Real estate investors often use traditional mortgage financing to acquire their first few rental properties, but the types of mortgages that investors most often seek for these investments are becoming harder to get. According to the Urban Institute, relatively modest, affordably priced homes for $70,000 or less are becoming extremely difficult to finance. In fact, only about 25 percent of U.S. properties worth less than $70,000 have any financing. By comparison, nearly 80 percent of properties worth between $70,000 and $150,000 are mortgaged.
It has long been true that homes valued lower than $70,000 have been harder to finance than those in the “sweet spot” around $150,000, but it is demonstrably harder today to get relatively low-dollar mortgage than it was just 10 years ago. In fact, mortgages for between $10,000 and $70,000 have fallen by nearly 40 percent in the last decade, and mortgage originations for homes worth between $70,000 and $150,000 have declined 26 percent. If you’re buying for more than that, though, you have much better odds. Mortgage originations on homes worth more than $150,000 have risen 65 percent in the past 10 years.
Why Lenders Can’t or Won’t Help Lower-Priced Buyers
While it might be tempting to just blame the bankers for being mean people who won’t lend to home-buyers who aren’t rich already, the truth is that it has always been more difficult for lenders to profit on low-balance loans because the costs of extending the loan are fixed so the profit margin is simply smaller. Factor in that smaller mortgages may be more likely to get paid off early, reducing interest earned, and that it can be difficult to find a buyer for these notes once the loan is made, and you have a system that “incentivizes high-balance loans,” as president of the Structured Finance Industry Group, Michael Bright, put it.
Bright noted many lenders deal with the fixed costs of lending by catering to high-end borrowers who need jumbo loans. Although these loans cannot be sold to Fannie Mae or Freddie Mac, they not only offer a much broader profit margin but also bring in customers likely to purchase additional services. The combination is simply too attractive for most lenders to pass up. Furthermore, while a big spender might obtain flexibility on credit score or past late payments that would stall a lower-dollar loan, the smaller-volume borrower with even a moderately good credit score may well find themselves out of luck when it comes to getting the loans they need.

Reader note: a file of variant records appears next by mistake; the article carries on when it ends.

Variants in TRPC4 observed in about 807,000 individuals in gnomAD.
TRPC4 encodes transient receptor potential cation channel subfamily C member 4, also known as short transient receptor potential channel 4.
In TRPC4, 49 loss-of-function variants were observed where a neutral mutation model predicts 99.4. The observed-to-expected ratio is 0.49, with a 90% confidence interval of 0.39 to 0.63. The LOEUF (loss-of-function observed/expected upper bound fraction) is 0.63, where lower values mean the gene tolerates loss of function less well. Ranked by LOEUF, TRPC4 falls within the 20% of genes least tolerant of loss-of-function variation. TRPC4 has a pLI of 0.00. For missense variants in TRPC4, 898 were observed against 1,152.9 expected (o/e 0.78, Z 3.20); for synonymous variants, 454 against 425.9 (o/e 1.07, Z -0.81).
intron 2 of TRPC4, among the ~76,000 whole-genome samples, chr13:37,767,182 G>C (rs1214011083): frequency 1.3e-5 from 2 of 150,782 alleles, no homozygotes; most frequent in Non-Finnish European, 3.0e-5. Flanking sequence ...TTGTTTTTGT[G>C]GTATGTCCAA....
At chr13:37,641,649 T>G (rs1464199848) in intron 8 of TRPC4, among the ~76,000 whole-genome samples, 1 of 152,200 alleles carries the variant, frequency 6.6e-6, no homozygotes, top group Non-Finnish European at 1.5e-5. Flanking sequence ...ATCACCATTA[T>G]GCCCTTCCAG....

Creative Financing Can Get Tricky
This small-loan issues tends to affect real estate investors on all fronts. Buyers who pay religiously on their creatively financed properties and then wish to purchase the home at the end of a lease-option or contract-for-deed transaction sometimes find it difficult to get the financing they need to get their own mortgage at the end of the creative-financing term.
For example, if a buyer pays a large down payment and then pays regularly for the next five years in a relatively affordable market, there is a good likelihood that while they are a very good risk when it comes to their credit score, the bank may not want to make a sub-$70,000 loan anyway. Since these homeowners may have paid over appraised value to begin with in order to compensate the note-holder for the risk associated with the financing in the first place, they may also find their homes appraise too low to hit that benchmark of $70,000. Fortunately for investors, creative financing can be extended, usually to everyone’s benefit!
Tell us what you think:
- Should it be easier to get a sub-$70,000 loan?
- Is it realistic to use cash or hard money for long-term, relatively small mortgage loans?
- Is this situation fair to homeowners? Investors? Lenders?
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